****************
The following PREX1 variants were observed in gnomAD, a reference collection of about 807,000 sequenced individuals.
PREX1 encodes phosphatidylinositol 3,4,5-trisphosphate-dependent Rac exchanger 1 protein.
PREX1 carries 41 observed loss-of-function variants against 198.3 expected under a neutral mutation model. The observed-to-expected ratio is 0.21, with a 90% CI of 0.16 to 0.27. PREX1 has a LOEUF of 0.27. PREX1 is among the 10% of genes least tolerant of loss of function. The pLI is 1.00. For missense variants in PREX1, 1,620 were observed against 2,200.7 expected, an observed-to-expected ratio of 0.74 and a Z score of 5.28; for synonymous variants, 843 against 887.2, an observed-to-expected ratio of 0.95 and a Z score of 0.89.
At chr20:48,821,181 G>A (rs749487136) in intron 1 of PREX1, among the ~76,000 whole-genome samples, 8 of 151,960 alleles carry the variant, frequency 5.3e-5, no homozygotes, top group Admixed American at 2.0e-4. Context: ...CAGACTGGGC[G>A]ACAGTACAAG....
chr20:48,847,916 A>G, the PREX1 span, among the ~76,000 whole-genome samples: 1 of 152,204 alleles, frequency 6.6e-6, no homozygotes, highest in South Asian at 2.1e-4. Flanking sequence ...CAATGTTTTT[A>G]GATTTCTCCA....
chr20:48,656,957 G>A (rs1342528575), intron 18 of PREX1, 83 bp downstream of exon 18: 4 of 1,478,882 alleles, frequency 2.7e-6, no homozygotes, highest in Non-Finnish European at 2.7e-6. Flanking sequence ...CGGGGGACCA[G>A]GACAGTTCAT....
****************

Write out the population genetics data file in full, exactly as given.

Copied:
The following PREX1 variants were observed in gnomAD, a reference collection of about 807,000 sequenced individuals.
PREX1 encodes phosphatidylinositol 3,4,5-trisphosphate-dependent Rac exchanger 1 protein.
PREX1 carries 41 observed loss-of-function variants against 198.3 expected under a neutral mutation model. The observed-to-expected ratio is 0.21, with a 90% CI of 0.16 to 0.27. PREX1 has a LOEUF of 0.27. PREX1 is among the 10% of genes least tolerant of loss of function. The pLI is 1.00. For missense variants in PREX1, 1,620 were observed against 2,200.7 expected, an observed-to-expected ratio of 0.74 and a Z score of 5.28; for synonymous variants, 843 against 887.2, an observed-to-expected ratio of 0.95 and a Z score of 0.89.
At chr20:48,821,181 G>A (rs749487136) in intron 1 of PREX1, among the ~76,000 whole-genome samples, 8 of 151,960 alleles carry the variant, frequency 5.3e-5, no homozygotes, top group Admixed American at 2.0e-4. Context: ...CAGACTGGGC[G>A]ACAGTACAAG....
chr20:48,847,916 A>G, the PREX1 span, among the ~76,000 whole-genome samples: 1 of 152,204 alleles, frequency 6.6e-6, no homozygotes, highest in South Asian at 2.1e-4. Flanking sequence ...CAATGTTTTT[A>G]GATTTCTCCA....
chr20:48,656,957 G>A (rs1342528575), intron 18 of PREX1, 83 bp downstream of exon 18: 4 of 1,478,882 alleles, frequency 2.7e-6, no homozygotes, highest in Non-Finnish European at 2.7e-6. Flanking sequence ...CGGGGGACCA[G>A]GACAGTTCAT....